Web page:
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Goldfish are an invasive species and could threaten delicate ecosystem of iconic Western lake, scientists say.
Gigantic goldfish may be threatening the delicate ecosystem of Lake Tahoe, the US West's iconic mountain lake — and errant pet owners "releasing" their unwanted fish may be to blame for the problem .
Researchers had heard fishermen describe the goldfish but thought they were mistaken — that is, until they saw the over-sized goldfish bowl stalwarts in the wild with their own eyes, reports KCRA News.
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"You just see this bright golden orange thing starting to float up, and you’re like, what is that? And then you take a net and you scoop it up and you’re like, it’s a goldfish,” said University of Nevada researcher Christine Ngai to KCRA.
The fish are growing in numbers, says the Associated Press, and can measure as long as 13 inches and weigh as much as 4.2 pounds (according to LiveScience), directly competing with native species for nutrients.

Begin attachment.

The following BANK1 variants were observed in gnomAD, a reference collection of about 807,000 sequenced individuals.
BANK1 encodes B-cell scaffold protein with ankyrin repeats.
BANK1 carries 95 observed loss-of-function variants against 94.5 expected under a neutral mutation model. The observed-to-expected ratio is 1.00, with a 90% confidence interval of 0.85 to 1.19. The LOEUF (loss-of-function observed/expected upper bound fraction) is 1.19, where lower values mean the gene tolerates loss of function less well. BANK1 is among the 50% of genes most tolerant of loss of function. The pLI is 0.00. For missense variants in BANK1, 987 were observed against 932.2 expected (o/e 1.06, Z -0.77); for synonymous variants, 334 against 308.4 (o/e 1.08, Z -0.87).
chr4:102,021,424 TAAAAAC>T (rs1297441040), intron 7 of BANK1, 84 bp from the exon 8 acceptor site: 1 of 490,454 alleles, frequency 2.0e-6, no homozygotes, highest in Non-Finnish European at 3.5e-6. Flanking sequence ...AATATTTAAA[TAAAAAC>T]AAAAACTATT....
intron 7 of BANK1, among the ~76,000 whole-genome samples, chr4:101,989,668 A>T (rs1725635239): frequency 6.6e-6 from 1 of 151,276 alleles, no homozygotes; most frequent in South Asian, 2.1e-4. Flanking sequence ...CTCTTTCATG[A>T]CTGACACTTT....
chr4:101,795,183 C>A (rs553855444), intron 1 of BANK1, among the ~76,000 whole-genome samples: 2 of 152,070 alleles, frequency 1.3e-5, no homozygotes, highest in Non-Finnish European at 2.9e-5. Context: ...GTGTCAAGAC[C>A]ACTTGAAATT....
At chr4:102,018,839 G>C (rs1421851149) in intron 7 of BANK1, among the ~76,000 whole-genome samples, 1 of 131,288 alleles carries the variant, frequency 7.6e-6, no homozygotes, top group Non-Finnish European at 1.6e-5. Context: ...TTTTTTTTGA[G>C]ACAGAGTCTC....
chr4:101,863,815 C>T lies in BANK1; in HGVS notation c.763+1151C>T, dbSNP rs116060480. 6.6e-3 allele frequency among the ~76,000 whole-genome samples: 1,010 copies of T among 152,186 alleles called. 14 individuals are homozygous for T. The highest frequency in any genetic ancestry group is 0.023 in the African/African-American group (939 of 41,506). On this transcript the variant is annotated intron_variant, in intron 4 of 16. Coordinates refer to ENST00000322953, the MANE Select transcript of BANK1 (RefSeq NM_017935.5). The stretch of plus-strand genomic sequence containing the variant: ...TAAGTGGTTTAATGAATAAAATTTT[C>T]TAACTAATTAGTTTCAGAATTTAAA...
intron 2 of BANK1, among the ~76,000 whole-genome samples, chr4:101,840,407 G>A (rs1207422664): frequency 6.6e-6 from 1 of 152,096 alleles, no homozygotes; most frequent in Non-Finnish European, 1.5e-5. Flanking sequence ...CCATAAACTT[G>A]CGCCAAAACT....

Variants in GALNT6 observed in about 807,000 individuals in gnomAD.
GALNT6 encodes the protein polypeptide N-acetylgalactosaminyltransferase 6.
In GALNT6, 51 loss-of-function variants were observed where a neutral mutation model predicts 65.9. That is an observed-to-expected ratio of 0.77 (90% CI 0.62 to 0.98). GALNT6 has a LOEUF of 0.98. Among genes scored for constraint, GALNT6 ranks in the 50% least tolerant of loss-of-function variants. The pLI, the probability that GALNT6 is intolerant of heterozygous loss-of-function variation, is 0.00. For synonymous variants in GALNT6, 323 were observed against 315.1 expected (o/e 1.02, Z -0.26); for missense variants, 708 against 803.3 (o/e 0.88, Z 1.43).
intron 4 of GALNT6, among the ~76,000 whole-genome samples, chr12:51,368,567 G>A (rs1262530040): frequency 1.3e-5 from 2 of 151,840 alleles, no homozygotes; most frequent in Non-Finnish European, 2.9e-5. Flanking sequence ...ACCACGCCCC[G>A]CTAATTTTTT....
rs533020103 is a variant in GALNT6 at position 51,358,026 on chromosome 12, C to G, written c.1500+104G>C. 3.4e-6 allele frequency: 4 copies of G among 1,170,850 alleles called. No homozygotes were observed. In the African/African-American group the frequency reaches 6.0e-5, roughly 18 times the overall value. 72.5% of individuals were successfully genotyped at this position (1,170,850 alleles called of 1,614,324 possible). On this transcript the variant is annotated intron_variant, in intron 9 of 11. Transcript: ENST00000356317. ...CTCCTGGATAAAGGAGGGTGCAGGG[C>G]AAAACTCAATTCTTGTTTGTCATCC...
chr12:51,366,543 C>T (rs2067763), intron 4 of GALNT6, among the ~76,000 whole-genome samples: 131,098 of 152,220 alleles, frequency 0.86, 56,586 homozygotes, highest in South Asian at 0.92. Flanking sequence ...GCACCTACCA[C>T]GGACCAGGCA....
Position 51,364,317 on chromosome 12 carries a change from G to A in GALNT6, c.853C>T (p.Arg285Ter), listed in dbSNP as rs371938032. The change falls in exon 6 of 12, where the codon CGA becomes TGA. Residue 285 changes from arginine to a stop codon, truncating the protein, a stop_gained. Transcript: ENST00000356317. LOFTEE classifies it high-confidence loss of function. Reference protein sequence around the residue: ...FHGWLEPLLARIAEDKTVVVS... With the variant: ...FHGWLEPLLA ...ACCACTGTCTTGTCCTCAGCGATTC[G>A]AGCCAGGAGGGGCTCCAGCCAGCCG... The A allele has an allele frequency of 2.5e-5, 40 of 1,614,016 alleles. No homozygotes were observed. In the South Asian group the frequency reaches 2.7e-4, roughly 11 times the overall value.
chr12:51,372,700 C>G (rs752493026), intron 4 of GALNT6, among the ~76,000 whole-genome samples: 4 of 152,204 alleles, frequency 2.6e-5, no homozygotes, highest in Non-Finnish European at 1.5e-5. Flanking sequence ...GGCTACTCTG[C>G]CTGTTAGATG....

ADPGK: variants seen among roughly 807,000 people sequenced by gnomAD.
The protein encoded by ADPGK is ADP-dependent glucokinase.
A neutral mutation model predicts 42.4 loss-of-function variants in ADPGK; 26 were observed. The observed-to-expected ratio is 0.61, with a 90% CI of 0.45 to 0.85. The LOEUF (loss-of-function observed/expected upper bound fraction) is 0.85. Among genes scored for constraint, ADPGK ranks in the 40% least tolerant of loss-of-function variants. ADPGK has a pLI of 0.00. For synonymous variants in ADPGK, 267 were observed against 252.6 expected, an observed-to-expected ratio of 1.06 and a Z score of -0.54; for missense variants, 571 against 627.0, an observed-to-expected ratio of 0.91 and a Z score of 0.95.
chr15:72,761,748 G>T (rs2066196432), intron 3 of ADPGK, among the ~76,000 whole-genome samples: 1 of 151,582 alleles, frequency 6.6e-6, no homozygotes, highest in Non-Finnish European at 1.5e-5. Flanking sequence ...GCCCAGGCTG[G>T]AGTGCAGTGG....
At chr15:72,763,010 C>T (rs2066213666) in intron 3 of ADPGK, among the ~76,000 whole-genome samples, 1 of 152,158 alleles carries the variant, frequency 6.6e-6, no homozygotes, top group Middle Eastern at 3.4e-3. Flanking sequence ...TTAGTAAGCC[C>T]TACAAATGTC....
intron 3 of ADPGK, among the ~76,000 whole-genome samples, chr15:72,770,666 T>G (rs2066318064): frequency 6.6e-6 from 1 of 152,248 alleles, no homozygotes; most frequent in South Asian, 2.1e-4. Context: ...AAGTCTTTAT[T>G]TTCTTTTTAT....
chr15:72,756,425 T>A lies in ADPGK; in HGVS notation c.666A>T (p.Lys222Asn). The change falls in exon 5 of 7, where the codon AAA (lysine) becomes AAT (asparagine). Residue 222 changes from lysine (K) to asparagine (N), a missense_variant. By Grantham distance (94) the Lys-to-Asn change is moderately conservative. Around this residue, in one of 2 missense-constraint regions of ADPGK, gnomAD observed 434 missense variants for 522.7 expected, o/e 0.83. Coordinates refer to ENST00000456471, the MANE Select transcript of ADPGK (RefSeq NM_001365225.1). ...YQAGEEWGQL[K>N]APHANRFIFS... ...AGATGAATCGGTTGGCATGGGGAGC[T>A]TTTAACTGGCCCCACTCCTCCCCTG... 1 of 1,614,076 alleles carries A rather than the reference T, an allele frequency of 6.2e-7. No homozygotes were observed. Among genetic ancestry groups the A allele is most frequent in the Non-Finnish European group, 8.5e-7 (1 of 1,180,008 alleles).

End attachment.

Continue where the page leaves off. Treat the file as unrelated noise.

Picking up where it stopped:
Researchers are also worried that goldfish excretions could trigger algal blooms, a threat to the lake's famously crystal-clear waters, wrote LiveScience.
Aquarium-dumping is likely to blame for the sudden influx of goldfish at Tahoe, experts told media.
“Those small little things that people do can have a large impact when you consider that it's probably not just one person doing it,” said Ted Thayer, of the Tahoe Regional Planning Agency to KCRA.
Goldfish of Unusual Size last made news in January of 2013, when a Michigan ice fisherman snagged a 3 pound, 15-inch-long goldfish at Lake St Clair.
Could these be signs that a decidely unforeseen goldfish Apocalypse may be upon us? We can only wait — and hope.